UNCRASHABLE DAKOTA

Air travel is reimagined in this sluggish alternative-history novel.

Like the Titanic that inspired it, the Wendell Dakota airship, powered by farting beetles whose gaseous emissions are powerful enough to rip trees from the ground, is said to be uncrashable. But on its maiden voyage in April 1912, mutinous sailors and a bizarre beetle-worshipping cult hijack the ship. Who is the mastermind behind the coup? Hollis Dakota, son of the ship’s deceased, famed designer, is determined to find out, along with apprentice beetle keeper Delia Cosgrove. But their investigation is hindered by Rob Castor, son of the ship’s chief operating officer, Jefferson Castor. Rob’s father is married to Hollis’ recently widowed mother, and when Hollis finds evidence that Jefferson Castor may have orchestrated the mutiny, he and Rob are at each other’s throats. Then the Dakota hits an invisible obstruction in the sky, and the battle lines disappear as everyone fights for survival. With such a crackerjack premise, this plot should rise like beetle gas. And certain parts do, like the flashbacks that detail Hollis’ grandfather’s discovery of the beetles’ talent during the American Civil War. But dense third-person prose that constantly telegraphs every character’s motivations slows the rest of the action to a crawl, and the story quickly sinks beneath its weight.

Leaden. (Steampunk. 12-16)

Pub Date: Nov. 12, 2013

ISBN: 978-0-8050-9630-9

Page Count: 320

Publisher: Henry Holt

Review Posted Online: Sept. 18, 2013

Kirkus Reviews Issue: Oct. 1, 2013

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An engrossing addition to a thoughtful coming-of-age series.

AKATA WOMAN

From the Nsibidi Scripts series , Vol. 3

A Nigerian teen is pushed to otherworldly limits in search of a mystical object.

Three years after discovering her power as a Leopard, Sunny Nwazue, now 15, must embark on yet another dangerous journey. Tasked with retrieving what the Nimm women (her and Chichi’s ancestors) stole from Udide, the Great Spider Artist, Sunny and her coven—even-tempered Orlu, brash Sasha, and clever Chichi—have no choice other than to comply or risk their pasts and futures. As events are set in motion to track down Udide’s scroll, Sunny must also learn how to be one with Anyanwu, her spirit face, now that she is doubled, a rare occurrence among Leopard People. However, Anyanwu seems to disappear just when Sunny needs her most, and Sunny begins to resent something that is part of her. Over the course of the seven-day time limit Udide sets, Sunny must explore treacherous parts of the spirit world’s wilderness, a parallel Earth teeming with lush plant life and remarkable technology, and new parts of herself. Through the steadily paced, omniscient narration, Okorafor draws readers into Sunny’s compelling world—both real and imagined—making the setting as much of a character as the rest of the cast. As in the previous entries, themes of balance and accountability are woven throughout as Sunny is tested. All characters are Black.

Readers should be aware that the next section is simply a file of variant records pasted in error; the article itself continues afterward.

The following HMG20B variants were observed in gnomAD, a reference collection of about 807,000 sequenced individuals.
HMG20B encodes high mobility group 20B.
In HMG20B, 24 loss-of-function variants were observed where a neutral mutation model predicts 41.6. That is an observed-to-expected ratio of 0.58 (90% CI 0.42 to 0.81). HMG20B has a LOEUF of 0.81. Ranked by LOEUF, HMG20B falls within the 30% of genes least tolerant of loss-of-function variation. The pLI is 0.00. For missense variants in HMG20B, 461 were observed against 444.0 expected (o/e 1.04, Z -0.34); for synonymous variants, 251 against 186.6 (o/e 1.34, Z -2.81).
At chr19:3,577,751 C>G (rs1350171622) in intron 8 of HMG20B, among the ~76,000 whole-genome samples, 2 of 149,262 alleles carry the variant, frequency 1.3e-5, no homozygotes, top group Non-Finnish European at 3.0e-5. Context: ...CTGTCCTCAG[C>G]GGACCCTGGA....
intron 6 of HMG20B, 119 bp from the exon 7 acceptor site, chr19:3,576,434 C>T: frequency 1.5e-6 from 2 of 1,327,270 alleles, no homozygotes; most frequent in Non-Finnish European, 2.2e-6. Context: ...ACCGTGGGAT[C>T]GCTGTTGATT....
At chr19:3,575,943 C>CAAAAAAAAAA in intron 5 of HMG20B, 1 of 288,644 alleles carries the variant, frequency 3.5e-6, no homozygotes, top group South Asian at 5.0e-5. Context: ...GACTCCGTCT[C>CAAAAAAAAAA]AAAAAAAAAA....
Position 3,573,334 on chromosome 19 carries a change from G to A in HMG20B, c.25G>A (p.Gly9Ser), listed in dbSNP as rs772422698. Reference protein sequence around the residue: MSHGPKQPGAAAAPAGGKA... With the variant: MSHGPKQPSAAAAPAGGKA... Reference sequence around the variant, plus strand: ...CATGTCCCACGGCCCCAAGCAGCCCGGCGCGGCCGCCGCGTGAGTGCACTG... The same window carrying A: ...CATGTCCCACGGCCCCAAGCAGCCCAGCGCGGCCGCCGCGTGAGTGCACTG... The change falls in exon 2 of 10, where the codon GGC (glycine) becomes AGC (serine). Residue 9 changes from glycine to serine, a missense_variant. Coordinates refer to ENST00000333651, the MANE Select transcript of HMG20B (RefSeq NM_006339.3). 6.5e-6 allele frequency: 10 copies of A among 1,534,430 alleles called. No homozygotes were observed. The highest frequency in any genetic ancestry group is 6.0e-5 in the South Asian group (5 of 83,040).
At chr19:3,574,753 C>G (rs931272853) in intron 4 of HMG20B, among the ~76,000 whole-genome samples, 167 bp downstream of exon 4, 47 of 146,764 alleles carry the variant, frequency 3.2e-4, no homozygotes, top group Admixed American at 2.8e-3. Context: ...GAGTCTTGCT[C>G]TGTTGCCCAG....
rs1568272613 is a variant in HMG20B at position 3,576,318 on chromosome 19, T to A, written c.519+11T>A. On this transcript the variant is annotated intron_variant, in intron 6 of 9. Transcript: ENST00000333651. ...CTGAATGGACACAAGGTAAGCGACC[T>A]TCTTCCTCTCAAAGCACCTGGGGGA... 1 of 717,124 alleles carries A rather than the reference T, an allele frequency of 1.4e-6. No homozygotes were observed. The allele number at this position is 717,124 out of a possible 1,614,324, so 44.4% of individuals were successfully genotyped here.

An engrossing addition to a thoughtful coming-of-age series. (Fantasy. 12-16)

Pub Date: Jan. 18, 2022

ISBN: 978-0-451-48058-3

Page Count: 416

Publisher: Viking

Review Posted Online: Oct. 26, 2021

Kirkus Reviews Issue: Nov. 15, 2021

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Though it lacks references or suggestions for further reading, Arn's agonizing story is compelling enough that many readers...

NEVER FALL DOWN

A harrowing tale of survival in the Killing Fields.

The childhood of Arn Chorn-Pond has been captured for young readers before, in Michelle Lord and Shino Arihara's picture book, A Song for Cambodia (2008). McCormick, known for issue-oriented realism, offers a fictionalized retelling of Chorn-Pond's youth for older readers. McCormick's version begins when the Khmer Rouge marches into 11-year-old Arn's Cambodian neighborhood and forces everyone into the country. Arn doesn't understand what the Khmer Rouge stands for; he only knows that over the next several years he and the other children shrink away on a handful of rice a day, while the corpses of adults pile ever higher in the mango grove. Arn does what he must to survive—and, wherever possible, to protect a small pocket of children and adults around him. Arn's chilling history pulls no punches, trusting its readers to cope with the reality of children forced to participate in murder, torture, sexual exploitation and genocide. This gut-wrenching tale is marred only by the author's choice to use broken English for both dialogue and description. Chorn-Pond, in real life, has spoken eloquently (and fluently) on the influence he's gained by learning English; this prose diminishes both his struggle and his story.

Though it lacks references or suggestions for further reading, Arn's agonizing story is compelling enough that many readers will seek out the history themselves. (preface, author's note) (Historical fiction. 12-15)

Pub Date: May 8, 2012

ISBN: 978-0-06-173093-1

Page Count: 224

Publisher: Balzer + Bray/HarperCollins

Review Posted Online: March 21, 2012

Kirkus Reviews Issue: April 15, 2012

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